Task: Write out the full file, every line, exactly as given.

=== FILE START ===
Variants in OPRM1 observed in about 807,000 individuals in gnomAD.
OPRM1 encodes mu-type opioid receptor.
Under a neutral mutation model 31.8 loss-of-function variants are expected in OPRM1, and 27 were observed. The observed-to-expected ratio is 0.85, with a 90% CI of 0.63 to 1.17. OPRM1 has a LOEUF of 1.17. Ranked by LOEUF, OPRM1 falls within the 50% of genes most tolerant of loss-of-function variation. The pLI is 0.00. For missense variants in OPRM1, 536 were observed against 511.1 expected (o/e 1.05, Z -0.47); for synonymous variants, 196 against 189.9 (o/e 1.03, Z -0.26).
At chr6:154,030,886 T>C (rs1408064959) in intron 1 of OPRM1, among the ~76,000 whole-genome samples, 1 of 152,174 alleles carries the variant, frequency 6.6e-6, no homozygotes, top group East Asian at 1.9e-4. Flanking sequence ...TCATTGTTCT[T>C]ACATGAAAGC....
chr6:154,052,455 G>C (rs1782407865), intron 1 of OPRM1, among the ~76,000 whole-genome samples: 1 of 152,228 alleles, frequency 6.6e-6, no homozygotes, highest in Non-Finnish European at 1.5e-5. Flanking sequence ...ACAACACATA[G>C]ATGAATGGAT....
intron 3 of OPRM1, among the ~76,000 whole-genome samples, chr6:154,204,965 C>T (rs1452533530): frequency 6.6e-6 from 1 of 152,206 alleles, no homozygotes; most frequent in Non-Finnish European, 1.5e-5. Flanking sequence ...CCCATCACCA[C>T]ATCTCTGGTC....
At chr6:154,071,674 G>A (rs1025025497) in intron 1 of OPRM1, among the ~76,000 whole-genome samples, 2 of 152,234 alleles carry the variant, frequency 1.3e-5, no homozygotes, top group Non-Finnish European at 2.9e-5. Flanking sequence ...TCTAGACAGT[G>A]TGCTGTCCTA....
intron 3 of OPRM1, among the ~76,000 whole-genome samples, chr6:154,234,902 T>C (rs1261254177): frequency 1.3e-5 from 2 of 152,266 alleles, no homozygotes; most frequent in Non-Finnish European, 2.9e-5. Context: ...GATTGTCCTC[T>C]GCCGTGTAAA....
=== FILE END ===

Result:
Variants in OPRM1 observed in about 807,000 individuals in gnomAD.
OPRM1 encodes mu-type opioid receptor.
Under a neutral mutation model 31.8 loss-of-function variants are expected in OPRM1, and 27 were observed. The observed-to-expected ratio is 0.85, with a 90% CI of 0.63 to 1.17. OPRM1 has a LOEUF of 1.17. Ranked by LOEUF, OPRM1 falls within the 50% of genes most tolerant of loss-of-function variation. The pLI is 0.00. For missense variants in OPRM1, 536 were observed against 511.1 expected (o/e 1.05, Z -0.47); for synonymous variants, 196 against 189.9 (o/e 1.03, Z -0.26).
At chr6:154,030,886 T>C (rs1408064959) in intron 1 of OPRM1, among the ~76,000 whole-genome samples, 1 of 152,174 alleles carries the variant, frequency 6.6e-6, no homozygotes, top group East Asian at 1.9e-4. Flanking sequence ...TCATTGTTCT[T>C]ACATGAAAGC....
chr6:154,052,455 G>C (rs1782407865), intron 1 of OPRM1, among the ~76,000 whole-genome samples: 1 of 152,228 alleles, frequency 6.6e-6, no homozygotes, highest in Non-Finnish European at 1.5e-5. Flanking sequence ...ACAACACATA[G>C]ATGAATGGAT....
intron 3 of OPRM1, among the ~76,000 whole-genome samples, chr6:154,204,965 C>T (rs1452533530): frequency 6.6e-6 from 1 of 152,206 alleles, no homozygotes; most frequent in Non-Finnish European, 1.5e-5. Flanking sequence ...CCCATCACCA[C>T]ATCTCTGGTC....
At chr6:154,071,674 G>A (rs1025025497) in intron 1 of OPRM1, among the ~76,000 whole-genome samples, 2 of 152,234 alleles carry the variant, frequency 1.3e-5, no homozygotes, top group Non-Finnish European at 2.9e-5. Flanking sequence ...TCTAGACAGT[G>A]TGCTGTCCTA....
intron 3 of OPRM1, among the ~76,000 whole-genome samples, chr6:154,234,902 T>C (rs1261254177): frequency 1.3e-5 from 2 of 152,266 alleles, no homozygotes; most frequent in Non-Finnish European, 2.9e-5. Context: ...GATTGTCCTC[T>C]GCCGTGTAAA....